Without free-market research and education, charter schools might have been just another forgotten fad from the 80s. Fortunately, Mackinac Center analysts and research advanced the notion that parents ought to have greater choices in their children’s education.
Below are examples of what Center scholars and analysts have written on the issue over the years:
Mackinac Center’s 25-year Campaign to Expand Educational Choice
Adapted from a blog post by Michael Van Beek.
Robert Wittmann, 1992: “[C]ompetition cannot exist unless new suppliers are free to enter the market for educational services. One option currently under consideration is to ‘charter’ new schools into the public system. But, unless ‘charter’ schools enjoy reasonable autonomy, increased supply will not translate into ‘more and better choice.’”
Larry Reed, 1993: “When Wayne State University, for instance, opened its new ‘charter public school’ this fall, more than 5,000 applications came flooding in from all over Detroit for only 330 seats. As hundreds were given the disappointing news, there were voices from within the public school establishment opposing even this limited opportunity for the beleaguered children of Detroit. What kind of an educational system is it that preaches the virtues of parental involvement but seeks to penalize some parents who want the best for their children? What kind of people behave as though the system were more important than the kids?”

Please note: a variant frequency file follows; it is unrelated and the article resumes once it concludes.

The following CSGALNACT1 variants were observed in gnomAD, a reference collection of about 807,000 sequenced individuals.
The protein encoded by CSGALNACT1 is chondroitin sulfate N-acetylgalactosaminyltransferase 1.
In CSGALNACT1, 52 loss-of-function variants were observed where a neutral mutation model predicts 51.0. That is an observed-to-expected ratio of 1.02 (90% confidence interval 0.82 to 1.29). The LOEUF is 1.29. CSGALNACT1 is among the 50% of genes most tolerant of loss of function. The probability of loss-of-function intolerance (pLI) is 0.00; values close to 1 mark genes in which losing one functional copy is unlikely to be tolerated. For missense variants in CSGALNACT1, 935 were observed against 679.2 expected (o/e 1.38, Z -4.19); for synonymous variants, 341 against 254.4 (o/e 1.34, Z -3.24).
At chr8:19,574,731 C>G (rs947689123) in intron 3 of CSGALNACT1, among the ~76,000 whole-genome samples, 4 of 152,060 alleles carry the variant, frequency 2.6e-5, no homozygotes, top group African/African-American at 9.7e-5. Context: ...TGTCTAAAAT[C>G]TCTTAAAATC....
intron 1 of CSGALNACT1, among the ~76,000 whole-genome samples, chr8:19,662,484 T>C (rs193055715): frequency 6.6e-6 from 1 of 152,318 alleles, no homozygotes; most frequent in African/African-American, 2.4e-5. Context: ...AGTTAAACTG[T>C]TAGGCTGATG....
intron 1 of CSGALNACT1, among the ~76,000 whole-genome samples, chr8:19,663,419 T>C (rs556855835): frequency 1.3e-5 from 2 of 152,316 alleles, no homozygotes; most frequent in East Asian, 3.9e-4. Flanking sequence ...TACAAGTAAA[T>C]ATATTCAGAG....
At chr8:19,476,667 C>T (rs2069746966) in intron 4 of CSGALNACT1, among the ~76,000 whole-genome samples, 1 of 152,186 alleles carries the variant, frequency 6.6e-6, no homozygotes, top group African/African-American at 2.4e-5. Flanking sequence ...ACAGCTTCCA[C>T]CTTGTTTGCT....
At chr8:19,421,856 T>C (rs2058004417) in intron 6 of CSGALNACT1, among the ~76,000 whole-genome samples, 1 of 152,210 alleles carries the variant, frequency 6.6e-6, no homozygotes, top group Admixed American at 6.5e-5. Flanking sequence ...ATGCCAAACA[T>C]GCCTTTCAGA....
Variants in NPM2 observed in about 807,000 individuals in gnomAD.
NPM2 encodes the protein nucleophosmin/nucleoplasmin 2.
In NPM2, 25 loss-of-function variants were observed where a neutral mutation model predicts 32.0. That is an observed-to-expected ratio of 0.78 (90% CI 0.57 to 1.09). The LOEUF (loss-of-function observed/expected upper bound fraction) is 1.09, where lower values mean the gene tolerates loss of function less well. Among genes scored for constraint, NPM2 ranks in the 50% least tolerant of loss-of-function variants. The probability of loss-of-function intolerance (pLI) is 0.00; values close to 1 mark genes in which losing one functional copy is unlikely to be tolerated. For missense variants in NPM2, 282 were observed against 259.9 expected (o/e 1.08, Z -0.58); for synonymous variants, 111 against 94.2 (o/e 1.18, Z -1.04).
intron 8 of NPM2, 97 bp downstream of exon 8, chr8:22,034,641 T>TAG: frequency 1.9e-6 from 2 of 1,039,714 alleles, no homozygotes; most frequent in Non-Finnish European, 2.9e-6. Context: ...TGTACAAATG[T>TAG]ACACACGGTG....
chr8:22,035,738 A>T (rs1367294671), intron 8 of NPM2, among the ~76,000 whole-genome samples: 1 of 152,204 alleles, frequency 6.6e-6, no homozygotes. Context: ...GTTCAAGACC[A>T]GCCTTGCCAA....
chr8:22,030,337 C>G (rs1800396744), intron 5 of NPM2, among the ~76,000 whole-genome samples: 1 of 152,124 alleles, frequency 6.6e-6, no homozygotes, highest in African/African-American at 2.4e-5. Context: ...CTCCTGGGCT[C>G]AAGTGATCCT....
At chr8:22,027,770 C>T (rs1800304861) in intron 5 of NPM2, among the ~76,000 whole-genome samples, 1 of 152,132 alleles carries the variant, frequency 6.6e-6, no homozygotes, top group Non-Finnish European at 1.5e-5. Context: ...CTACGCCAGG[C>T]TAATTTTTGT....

Dr. Ormand G. Hook, 1997: “One of the earliest advocates of the charter school idea was the Midland-based Mackinac Center for Public Policy. The law is now doing precisely what the Center urged years ago: ‘It is vitally necessary to free up the supply side of education, both to enhance competition and to create new opportunities for children in their respective neighborhoods.’ Signs are abundant that the general success of Michigan’s charter schools is already goading other schools to find ways to improve.”
Matthew Brouillette, 1998: “Charter schools are a step toward freedom of choice in education, but only full and fair choice among diverse government and nongovernment schools will ensure that parents have a vibrant array of options.”
Dr. Ryan Olson and Deneen Borelli, 2007: “[P]olicymakers and education officials must resist the urge to add to charter schools the burden of further regulations concerning ‘quality.’ Quality is effectively addressed by the choices of education consumers — parents — and schools should not be hampered by more rules that limit how school leaders offer the educational services that parents desire.”